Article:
About three and a half months later, on July 26, Senator Robert A. Taft, the son of President William Howard Taft, made a speech explaining why he voted against its establishment.
It’s clear now that he could foresee what those blinded by triumphalism and ideology couldn’t see. He was no apologist for communism or the USSR, but he knew that a military pact against Russia was a provocative act and one more likely to lead to aggression and insecurity than peace and stability.
This is “not a peace program, it is a war program,” he said.
“…the treaty is a part of a much larger program by which we arm all these nations against Russia. A joint military program has already been made. It thus becomes an offensive and defensive military alliance against Russia. I believe our foreign policy should be aimed primarily at security and peace, and I believe such an alliance is more likely to produce war than peace.”
“A third world war would be the greatest tragedy the world has ever suffered. Even if we won the war, we this time would probably suffer tremendous destruction, our economic system would be crippled, and we would lose our liberties and free system just as the Second World War destroyed the free systems of Europe. It might easily destroy civilization on this earth…”
Taft could see the Russian perspective clearly, without necessarily agreeing with it — and he understood that it ought not be disregarded out of hand — the de rigueur starting point in Washington today.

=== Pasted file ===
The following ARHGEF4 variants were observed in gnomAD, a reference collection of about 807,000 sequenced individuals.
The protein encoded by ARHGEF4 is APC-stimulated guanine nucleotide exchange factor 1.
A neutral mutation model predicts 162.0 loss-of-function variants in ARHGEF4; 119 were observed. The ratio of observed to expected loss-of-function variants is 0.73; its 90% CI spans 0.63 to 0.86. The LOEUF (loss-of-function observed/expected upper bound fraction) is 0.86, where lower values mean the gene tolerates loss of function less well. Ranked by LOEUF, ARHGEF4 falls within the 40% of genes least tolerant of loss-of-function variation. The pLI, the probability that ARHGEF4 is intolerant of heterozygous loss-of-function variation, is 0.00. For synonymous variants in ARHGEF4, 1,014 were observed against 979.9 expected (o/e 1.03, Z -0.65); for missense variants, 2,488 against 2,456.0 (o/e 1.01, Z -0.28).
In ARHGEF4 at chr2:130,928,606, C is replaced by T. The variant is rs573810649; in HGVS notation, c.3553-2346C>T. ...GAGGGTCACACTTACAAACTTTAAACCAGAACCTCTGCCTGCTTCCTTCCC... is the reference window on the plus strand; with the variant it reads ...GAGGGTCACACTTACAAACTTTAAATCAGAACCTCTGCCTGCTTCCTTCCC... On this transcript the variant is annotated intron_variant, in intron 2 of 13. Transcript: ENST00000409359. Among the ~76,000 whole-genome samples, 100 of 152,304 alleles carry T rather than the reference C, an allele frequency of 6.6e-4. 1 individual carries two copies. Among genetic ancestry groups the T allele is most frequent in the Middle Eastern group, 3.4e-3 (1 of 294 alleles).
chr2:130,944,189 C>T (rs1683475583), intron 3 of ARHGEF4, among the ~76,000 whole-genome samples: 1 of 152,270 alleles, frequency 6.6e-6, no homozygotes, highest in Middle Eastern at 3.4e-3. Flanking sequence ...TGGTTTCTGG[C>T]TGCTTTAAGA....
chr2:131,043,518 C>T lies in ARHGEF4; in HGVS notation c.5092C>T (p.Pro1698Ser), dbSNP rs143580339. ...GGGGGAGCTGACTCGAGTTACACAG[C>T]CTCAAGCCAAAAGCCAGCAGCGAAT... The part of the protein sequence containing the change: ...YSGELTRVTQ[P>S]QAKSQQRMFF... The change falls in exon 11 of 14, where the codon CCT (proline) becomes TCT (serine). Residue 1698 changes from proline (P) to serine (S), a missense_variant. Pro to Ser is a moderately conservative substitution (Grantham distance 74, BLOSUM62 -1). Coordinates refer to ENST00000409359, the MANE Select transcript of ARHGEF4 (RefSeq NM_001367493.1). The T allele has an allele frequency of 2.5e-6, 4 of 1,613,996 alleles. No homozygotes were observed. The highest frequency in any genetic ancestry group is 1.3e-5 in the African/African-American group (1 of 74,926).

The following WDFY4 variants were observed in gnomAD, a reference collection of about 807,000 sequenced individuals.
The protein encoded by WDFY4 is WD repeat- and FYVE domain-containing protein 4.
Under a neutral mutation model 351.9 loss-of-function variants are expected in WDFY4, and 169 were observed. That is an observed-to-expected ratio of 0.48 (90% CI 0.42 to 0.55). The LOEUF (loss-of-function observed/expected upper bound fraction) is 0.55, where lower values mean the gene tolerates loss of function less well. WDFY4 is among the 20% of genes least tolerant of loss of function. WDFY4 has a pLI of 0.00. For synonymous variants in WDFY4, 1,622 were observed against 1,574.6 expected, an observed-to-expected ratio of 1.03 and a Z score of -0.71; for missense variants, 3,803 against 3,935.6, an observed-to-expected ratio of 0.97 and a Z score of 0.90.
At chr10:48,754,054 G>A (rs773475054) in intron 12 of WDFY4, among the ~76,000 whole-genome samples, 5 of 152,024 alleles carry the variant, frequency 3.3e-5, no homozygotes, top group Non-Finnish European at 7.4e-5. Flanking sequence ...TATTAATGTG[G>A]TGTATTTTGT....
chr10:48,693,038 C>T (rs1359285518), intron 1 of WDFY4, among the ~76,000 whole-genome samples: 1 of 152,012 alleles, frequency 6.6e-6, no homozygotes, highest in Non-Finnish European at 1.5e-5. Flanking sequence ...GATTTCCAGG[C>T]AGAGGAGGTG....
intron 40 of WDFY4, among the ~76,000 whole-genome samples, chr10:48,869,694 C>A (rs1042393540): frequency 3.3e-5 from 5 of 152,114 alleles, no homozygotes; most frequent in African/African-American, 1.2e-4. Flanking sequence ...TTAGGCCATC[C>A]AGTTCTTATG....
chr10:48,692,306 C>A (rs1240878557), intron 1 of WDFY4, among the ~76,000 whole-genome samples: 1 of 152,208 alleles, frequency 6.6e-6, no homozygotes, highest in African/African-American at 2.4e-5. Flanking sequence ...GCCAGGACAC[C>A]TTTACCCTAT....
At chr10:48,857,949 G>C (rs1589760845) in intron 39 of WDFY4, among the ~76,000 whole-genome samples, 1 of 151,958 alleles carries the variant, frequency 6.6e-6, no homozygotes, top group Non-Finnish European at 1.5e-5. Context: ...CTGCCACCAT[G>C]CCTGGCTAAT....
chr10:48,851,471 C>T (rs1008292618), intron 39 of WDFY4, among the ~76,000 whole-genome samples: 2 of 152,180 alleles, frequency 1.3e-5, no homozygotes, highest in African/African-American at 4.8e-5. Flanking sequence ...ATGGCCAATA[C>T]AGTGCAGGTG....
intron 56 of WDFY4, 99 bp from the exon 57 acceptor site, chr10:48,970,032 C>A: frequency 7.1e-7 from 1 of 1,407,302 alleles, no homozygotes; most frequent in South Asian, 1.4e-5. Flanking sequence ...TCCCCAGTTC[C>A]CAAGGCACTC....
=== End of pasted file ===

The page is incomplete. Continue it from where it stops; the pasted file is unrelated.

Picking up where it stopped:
“If we undertake to arm all the nations around Russia from Norway on the north to Turkey on the south, and Russia sees itself ringed about gradually by so-called defensive arms from Norway and Denmark to Turkey and Greece, it may form a different opinion. It may decide that the arming of western Europe, regardless of its present purpose, looks to an attack upon Russia. Its view may be unreasonable, and I think it is. But from the Russian standpoint it may not seem unreasonable.”
“How would we feel if Russia undertook to arm a country on our border; Mexico, for instance?”
Taft went on to argue that there would be only “one real hope” for peace in the world. It would be an “association of nations building itself to abide by a law governing nations and administered by a court of legal justice”. Such a judicial finding “must not be subject to veto by any nation”, he said.
Three years earlier the United Nations had been founded. Taft regarded the young UN as an organisation looking in the right direction, but one that was deeply flawed.
As his predictions on NATO turned out to be true and justified, so too did his criticism of the United Nations. The UN veto power, held by five nations, has added to its ineffectiveness as a supposedly diplomatic and democratic organisation.
There may be some debate to be had about the legitimacy of a veto power — but add to those criticisms Washington’s complete disregard for the UN Security Council and you have an organisation which is essentially useless because one of its members operates outside its bounds at all times.
While the UN these days rarely serves anyone well, NATO serves the interests of only one of its members.
Finally, on NATO, Taft said:
“…as set up, it is a step backward — a military alliance of the old type where we have to come to each others’ assistance no matter who is to blame, and with ourselves the judges of the law.“
Sixty-six years later and NATO still exists, as many have argued, for no good reason; to counteract threats which are either imagined or which only exist because NATO itself exists. Or worse, to lend legitimacy to the geopolitical whims of its only beneficiary.